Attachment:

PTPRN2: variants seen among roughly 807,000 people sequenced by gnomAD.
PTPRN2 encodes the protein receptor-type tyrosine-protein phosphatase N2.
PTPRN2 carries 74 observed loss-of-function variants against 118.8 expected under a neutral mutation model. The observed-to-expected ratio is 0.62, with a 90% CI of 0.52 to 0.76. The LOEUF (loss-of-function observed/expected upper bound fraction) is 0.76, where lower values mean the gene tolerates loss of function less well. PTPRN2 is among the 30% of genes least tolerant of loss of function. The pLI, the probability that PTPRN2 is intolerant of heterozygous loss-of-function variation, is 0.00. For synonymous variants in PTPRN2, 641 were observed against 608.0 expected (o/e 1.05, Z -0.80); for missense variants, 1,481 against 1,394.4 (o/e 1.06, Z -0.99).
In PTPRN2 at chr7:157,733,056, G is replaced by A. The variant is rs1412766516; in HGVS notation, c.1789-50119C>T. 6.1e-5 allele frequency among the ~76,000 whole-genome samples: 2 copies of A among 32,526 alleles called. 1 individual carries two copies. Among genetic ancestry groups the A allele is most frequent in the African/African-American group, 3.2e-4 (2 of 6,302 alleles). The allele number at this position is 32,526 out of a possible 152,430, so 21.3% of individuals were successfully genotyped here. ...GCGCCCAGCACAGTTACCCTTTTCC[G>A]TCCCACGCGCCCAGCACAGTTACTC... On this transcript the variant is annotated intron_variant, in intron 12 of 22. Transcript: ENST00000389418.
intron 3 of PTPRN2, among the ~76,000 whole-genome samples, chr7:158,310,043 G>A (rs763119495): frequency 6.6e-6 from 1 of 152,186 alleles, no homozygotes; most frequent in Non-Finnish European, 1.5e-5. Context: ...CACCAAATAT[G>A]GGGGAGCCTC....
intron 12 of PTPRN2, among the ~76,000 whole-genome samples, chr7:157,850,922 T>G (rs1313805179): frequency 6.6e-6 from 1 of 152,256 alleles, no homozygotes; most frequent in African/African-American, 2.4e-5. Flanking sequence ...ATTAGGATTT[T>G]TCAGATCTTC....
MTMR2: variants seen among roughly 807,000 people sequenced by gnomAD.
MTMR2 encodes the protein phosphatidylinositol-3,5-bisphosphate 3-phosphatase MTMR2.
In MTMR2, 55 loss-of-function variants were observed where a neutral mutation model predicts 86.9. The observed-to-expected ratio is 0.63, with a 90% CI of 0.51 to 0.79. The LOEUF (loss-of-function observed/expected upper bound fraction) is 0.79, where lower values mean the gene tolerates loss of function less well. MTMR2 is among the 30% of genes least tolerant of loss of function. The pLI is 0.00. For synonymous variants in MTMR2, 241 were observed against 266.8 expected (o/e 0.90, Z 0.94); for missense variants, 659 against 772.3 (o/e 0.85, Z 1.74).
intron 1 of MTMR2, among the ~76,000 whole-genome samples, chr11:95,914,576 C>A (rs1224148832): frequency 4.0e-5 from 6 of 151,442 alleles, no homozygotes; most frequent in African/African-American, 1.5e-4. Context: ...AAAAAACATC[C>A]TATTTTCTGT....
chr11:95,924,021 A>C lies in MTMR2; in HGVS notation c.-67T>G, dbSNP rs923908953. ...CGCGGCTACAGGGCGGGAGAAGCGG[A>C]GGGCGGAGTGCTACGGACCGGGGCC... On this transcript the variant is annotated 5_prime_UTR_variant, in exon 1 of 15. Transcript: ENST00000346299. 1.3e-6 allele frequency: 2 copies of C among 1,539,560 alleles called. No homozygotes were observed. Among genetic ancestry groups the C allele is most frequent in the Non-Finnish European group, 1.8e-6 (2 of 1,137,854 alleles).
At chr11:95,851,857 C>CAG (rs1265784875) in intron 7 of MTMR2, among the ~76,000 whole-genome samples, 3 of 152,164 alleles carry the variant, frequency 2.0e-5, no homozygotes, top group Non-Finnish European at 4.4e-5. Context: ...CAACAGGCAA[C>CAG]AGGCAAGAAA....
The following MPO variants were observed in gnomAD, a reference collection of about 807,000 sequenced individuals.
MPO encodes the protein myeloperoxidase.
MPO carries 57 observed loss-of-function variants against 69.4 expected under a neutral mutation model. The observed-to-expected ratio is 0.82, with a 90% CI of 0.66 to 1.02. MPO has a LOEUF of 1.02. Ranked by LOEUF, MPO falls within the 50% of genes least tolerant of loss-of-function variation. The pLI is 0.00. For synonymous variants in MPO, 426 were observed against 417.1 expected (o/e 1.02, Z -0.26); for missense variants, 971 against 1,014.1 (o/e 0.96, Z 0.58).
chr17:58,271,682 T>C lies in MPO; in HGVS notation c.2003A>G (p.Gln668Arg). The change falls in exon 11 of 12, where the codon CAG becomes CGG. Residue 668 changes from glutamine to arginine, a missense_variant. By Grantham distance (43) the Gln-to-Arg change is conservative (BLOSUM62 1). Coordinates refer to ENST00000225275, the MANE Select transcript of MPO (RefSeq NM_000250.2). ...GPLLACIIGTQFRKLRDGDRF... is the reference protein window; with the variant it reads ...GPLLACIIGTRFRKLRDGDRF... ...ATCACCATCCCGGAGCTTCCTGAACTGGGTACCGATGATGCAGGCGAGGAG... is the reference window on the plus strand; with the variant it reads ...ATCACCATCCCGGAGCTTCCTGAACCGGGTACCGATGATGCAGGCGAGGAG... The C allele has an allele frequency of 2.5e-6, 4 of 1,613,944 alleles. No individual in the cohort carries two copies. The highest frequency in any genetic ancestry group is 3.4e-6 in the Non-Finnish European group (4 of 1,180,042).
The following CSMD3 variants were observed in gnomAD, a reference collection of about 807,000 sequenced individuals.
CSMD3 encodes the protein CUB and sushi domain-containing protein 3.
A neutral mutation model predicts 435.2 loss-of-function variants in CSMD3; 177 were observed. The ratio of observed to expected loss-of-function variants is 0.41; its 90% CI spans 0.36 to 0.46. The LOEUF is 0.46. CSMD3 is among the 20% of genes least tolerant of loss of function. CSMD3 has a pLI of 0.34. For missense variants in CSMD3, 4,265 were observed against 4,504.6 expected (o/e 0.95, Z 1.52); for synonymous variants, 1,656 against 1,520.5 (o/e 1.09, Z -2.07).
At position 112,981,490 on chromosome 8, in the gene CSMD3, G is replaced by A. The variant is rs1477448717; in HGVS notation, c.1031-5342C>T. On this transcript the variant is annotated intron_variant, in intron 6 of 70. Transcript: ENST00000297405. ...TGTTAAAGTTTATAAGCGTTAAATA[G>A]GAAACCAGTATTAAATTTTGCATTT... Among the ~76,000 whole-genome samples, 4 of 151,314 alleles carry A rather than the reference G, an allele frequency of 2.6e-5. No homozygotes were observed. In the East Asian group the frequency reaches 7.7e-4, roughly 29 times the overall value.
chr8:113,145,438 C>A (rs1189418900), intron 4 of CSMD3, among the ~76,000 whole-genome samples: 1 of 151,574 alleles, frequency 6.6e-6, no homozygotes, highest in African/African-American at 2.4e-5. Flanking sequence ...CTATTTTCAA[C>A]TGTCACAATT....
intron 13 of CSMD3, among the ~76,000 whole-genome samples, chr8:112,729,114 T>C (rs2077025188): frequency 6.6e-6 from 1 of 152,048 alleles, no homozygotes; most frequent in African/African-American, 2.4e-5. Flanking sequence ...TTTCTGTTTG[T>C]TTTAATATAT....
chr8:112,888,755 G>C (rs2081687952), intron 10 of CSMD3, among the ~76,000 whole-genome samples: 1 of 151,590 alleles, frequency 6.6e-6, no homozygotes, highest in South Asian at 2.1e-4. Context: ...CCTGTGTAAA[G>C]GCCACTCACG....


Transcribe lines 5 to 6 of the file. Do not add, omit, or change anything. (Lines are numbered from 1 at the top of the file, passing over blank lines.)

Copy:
intron 3 of PTPRN2, among the ~76,000 whole-genome samples, chr7:158,310,043 G>A (rs763119495): frequency 6.6e-6 from 1 of 152,186 alleles, no homozygotes; most frequent in Non-Finnish European, 1.5e-5. Context: ...CACCAAATAT[G>A]GGGGAGCCTC....
intron 12 of PTPRN2, among the ~76,000 whole-genome samples, chr7:157,850,922 T>G (rs1313805179): frequency 6.6e-6 from 1 of 152,256 alleles, no homozygotes; most frequent in African/African-American, 2.4e-5. Flanking sequence ...ATTAGGATTT[T>G]TCAGATCTTC....